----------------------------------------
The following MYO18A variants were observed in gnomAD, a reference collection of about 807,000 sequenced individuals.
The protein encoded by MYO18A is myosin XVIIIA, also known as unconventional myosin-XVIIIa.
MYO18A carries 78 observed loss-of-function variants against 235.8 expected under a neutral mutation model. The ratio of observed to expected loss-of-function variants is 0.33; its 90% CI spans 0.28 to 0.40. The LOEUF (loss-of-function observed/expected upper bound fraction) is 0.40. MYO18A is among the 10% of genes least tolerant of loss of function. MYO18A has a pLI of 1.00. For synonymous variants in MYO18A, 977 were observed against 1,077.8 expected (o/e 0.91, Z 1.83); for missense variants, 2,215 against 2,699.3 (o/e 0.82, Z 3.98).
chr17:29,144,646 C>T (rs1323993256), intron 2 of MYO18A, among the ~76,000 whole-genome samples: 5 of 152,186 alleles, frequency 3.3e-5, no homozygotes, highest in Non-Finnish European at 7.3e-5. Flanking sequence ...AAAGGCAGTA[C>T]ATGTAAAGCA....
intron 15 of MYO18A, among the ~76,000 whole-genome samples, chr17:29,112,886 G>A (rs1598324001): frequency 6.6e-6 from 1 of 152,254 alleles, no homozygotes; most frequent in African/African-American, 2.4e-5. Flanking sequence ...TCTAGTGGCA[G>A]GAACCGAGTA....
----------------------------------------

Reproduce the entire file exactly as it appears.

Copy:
The following MYO18A variants were observed in gnomAD, a reference collection of about 807,000 sequenced individuals.
The protein encoded by MYO18A is myosin XVIIIA, also known as unconventional myosin-XVIIIa.
MYO18A carries 78 observed loss-of-function variants against 235.8 expected under a neutral mutation model. The ratio of observed to expected loss-of-function variants is 0.33; its 90% CI spans 0.28 to 0.40. The LOEUF (loss-of-function observed/expected upper bound fraction) is 0.40. MYO18A is among the 10% of genes least tolerant of loss of function. MYO18A has a pLI of 1.00. For synonymous variants in MYO18A, 977 were observed against 1,077.8 expected (o/e 0.91, Z 1.83); for missense variants, 2,215 against 2,699.3 (o/e 0.82, Z 3.98).
chr17:29,144,646 C>T (rs1323993256), intron 2 of MYO18A, among the ~76,000 whole-genome samples: 5 of 152,186 alleles, frequency 3.3e-5, no homozygotes, highest in Non-Finnish European at 7.3e-5. Flanking sequence ...AAAGGCAGTA[C>T]ATGTAAAGCA....
intron 15 of MYO18A, among the ~76,000 whole-genome samples, chr17:29,112,886 G>A (rs1598324001): frequency 6.6e-6 from 1 of 152,254 alleles, no homozygotes; most frequent in African/African-American, 2.4e-5. Flanking sequence ...TCTAGTGGCA[G>A]GAACCGAGTA....